About 15 years ago, Sprott Shaw College – then Sprott-Shaw Community College – starting building an island in the online virtual world Second Life.
It had the usual classrooms, dormitories and libraries expected of any post-secondary campus. Students could order a pizza on the platform and have one show up in real life. One class taught on the island had students from Victoria, Calgary and Jerusalem.
Nearly a decade and a half later, colleges and universities around the world are rethinking how they deliver education in a world with physical distancing and travel restrictions.
“My belief is that the real benefit to online education is we have a transformative opportunity,” said Dean Duperron, the former CEO and owner of Sprott Shaw College.
Institutions’ adoption of Moodle, an open-source learning platform, along with Zoom, Udemy and other services has become the norm, he said, but it isn’t innovative. For example, a pre-pandemic survey of 1,400 educators by U.S. software company Kaltura found that 98% saw video playing a part in personalized learning experiences.
“I really think that a serious opportunity is being missed right now,” said Duperron.
School is out on what education looks like come 2022. The authors of “Learning Innovation and the Future of Higher Education” wrote in Inside Higher Ed that virtual learning, structured gap years and a hybrid flexible model of simultaneous in-class and online learning are some potential scenarios that emerge in the short-term.
Many experts expect schools at all levels to adopt some form of hybrid model that combines digital remote learning options with limited in-person experiences.
Duperron believes what is becoming standard now will define the norm of tomorrow, which will include the continued adoption and use of the services listed above.
Leeann Waddington, who is pursuing her doctor of education at Athabasca University, believes the pandemic has catapulted academic institutions to where they need to be.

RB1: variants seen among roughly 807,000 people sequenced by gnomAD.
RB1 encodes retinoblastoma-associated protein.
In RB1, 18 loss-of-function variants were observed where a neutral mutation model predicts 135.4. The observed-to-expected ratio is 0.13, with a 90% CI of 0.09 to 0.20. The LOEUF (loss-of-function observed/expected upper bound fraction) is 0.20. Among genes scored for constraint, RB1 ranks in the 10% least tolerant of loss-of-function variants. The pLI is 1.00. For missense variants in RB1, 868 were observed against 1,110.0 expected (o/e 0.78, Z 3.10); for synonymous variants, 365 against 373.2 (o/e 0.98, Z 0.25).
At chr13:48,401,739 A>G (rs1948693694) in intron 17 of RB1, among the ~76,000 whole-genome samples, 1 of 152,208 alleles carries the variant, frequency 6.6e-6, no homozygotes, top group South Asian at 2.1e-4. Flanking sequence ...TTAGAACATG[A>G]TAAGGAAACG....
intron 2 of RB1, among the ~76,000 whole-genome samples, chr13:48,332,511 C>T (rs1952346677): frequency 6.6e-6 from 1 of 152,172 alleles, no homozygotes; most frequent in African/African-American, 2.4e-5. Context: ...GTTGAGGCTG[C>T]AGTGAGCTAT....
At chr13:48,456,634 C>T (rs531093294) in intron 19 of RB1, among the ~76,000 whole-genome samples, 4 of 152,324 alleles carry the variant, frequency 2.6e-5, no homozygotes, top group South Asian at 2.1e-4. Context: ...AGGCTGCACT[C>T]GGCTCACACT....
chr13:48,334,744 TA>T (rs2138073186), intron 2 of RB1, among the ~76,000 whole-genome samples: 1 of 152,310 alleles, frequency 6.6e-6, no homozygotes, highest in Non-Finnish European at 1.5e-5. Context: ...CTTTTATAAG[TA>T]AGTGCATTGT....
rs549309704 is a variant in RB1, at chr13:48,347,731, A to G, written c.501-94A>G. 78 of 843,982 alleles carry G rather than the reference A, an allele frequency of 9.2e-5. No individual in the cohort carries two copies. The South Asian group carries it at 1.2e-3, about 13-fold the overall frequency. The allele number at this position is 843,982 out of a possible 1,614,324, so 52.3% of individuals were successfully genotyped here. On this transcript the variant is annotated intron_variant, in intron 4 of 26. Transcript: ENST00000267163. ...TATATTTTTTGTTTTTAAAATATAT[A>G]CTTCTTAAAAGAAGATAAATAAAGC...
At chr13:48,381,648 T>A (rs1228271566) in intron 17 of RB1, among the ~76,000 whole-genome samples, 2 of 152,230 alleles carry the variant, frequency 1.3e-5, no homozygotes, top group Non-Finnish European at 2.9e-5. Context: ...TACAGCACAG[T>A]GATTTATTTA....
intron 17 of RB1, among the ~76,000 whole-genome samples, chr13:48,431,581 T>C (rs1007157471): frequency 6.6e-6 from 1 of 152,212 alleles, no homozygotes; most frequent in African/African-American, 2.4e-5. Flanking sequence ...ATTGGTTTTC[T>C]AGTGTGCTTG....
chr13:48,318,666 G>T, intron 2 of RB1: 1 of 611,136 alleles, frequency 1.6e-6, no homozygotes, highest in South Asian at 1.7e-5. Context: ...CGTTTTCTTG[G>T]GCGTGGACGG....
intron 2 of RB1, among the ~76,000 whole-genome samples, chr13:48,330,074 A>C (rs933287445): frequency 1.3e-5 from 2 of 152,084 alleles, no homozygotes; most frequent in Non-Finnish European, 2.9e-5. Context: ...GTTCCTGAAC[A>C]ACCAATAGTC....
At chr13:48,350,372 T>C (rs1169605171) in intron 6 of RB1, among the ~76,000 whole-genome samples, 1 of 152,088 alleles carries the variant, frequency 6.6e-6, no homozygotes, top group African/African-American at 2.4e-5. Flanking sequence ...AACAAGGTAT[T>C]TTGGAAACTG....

“The tradition of the way education is delivered hasn’t changed in probably a couple hundred years,” she said. “Overall the structure is still relatively the same and yet the world isn’t the same.”
Waddington says the education sector has been presented with an opportunity to close the gap between the skills graduates need in the workforce, and the skills taught in schools.
Choice between learning online and in-class remains important, and she foresees a greater shift toward accessibility, and collaboration within institutions to deliver better learning experiences.
“I think it’s shifting us to narrowing that gap and really reconsidering what we teach, how we teach it, where we teach it.”
Shevy Levy, CEO of Vancouver-based learning platform Lambda Solutions Inc., said COVID-19 has accelerated the sector’s shift to adopting technology, online learning and remote learning.
“There’s no education anymore without technology,” she said. “The experience needs to be a mixed mode.”
She raised the question about the role of the teacher or trainer as learning experiences become more personalized and reliant on technology.
Jacqueline Evanecz is a former teacher and the CEO and co-founder of B.C.-based education tech startup Spinndle, which is testing an online project management platform for students in grades 4 through 12.
With new tools to help make schools more agile and help students engage more actively in learning, she sees an opportunity to rethink attendance in the years ahead.
“Showing up is not just about beating the bell and getting to school and sitting in a chair. It’s about exercising those higher level executive functioning skills,” she said.
“I hope to see more and more schools start to rethink the flow of work in the classroom and reimagining the definition of showing up or attendance and what that looks like in 2020, and 2021 and 2022.”
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